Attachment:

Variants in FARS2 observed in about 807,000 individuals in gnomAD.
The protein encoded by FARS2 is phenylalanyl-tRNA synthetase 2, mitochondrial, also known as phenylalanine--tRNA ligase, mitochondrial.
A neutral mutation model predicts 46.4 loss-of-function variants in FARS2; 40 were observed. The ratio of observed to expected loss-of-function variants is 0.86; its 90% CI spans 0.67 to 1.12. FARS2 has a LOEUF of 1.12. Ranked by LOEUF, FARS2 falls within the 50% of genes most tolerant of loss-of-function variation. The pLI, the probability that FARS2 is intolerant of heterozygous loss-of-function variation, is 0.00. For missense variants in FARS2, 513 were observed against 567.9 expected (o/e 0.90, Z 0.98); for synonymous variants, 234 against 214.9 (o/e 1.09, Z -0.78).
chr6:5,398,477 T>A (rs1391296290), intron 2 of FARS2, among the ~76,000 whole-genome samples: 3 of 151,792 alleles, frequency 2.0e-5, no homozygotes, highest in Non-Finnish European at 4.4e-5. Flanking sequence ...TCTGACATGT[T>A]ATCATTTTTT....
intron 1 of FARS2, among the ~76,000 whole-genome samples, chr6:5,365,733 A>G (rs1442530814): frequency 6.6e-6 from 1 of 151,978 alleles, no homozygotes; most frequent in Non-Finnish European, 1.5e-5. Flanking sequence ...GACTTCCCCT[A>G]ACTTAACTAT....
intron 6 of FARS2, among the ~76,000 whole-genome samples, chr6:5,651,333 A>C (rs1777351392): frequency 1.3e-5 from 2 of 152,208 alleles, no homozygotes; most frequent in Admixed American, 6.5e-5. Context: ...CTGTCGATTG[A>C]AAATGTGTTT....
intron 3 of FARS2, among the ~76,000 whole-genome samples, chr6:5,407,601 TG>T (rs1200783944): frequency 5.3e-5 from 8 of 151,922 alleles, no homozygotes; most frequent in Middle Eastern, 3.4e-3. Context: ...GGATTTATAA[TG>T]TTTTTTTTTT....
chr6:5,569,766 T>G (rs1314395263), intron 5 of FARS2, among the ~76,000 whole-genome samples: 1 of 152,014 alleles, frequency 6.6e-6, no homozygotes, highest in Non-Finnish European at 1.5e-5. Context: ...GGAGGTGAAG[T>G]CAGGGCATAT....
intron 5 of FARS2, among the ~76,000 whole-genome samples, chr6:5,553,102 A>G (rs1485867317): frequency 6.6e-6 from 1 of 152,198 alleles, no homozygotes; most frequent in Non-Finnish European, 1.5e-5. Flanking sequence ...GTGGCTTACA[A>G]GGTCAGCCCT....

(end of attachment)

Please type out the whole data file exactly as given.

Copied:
Variants in FARS2 observed in about 807,000 individuals in gnomAD.
The protein encoded by FARS2 is phenylalanyl-tRNA synthetase 2, mitochondrial, also known as phenylalanine--tRNA ligase, mitochondrial.
A neutral mutation model predicts 46.4 loss-of-function variants in FARS2; 40 were observed. The ratio of observed to expected loss-of-function variants is 0.86; its 90% CI spans 0.67 to 1.12. FARS2 has a LOEUF of 1.12. Ranked by LOEUF, FARS2 falls within the 50% of genes most tolerant of loss-of-function variation. The pLI, the probability that FARS2 is intolerant of heterozygous loss-of-function variation, is 0.00. For missense variants in FARS2, 513 were observed against 567.9 expected (o/e 0.90, Z 0.98); for synonymous variants, 234 against 214.9 (o/e 1.09, Z -0.78).
chr6:5,398,477 T>A (rs1391296290), intron 2 of FARS2, among the ~76,000 whole-genome samples: 3 of 151,792 alleles, frequency 2.0e-5, no homozygotes, highest in Non-Finnish European at 4.4e-5. Flanking sequence ...TCTGACATGT[T>A]ATCATTTTTT....
intron 1 of FARS2, among the ~76,000 whole-genome samples, chr6:5,365,733 A>G (rs1442530814): frequency 6.6e-6 from 1 of 151,978 alleles, no homozygotes; most frequent in Non-Finnish European, 1.5e-5. Flanking sequence ...GACTTCCCCT[A>G]ACTTAACTAT....
intron 6 of FARS2, among the ~76,000 whole-genome samples, chr6:5,651,333 A>C (rs1777351392): frequency 1.3e-5 from 2 of 152,208 alleles, no homozygotes; most frequent in Admixed American, 6.5e-5. Context: ...CTGTCGATTG[A>C]AAATGTGTTT....
intron 3 of FARS2, among the ~76,000 whole-genome samples, chr6:5,407,601 TG>T (rs1200783944): frequency 5.3e-5 from 8 of 151,922 alleles, no homozygotes; most frequent in Middle Eastern, 3.4e-3. Context: ...GGATTTATAA[TG>T]TTTTTTTTTT....
chr6:5,569,766 T>G (rs1314395263), intron 5 of FARS2, among the ~76,000 whole-genome samples: 1 of 152,014 alleles, frequency 6.6e-6, no homozygotes, highest in Non-Finnish European at 1.5e-5. Context: ...GGAGGTGAAG[T>G]CAGGGCATAT....
intron 5 of FARS2, among the ~76,000 whole-genome samples, chr6:5,553,102 A>G (rs1485867317): frequency 6.6e-6 from 1 of 152,198 alleles, no homozygotes; most frequent in Non-Finnish European, 1.5e-5. Flanking sequence ...GTGGCTTACA[A>G]GGTCAGCCCT....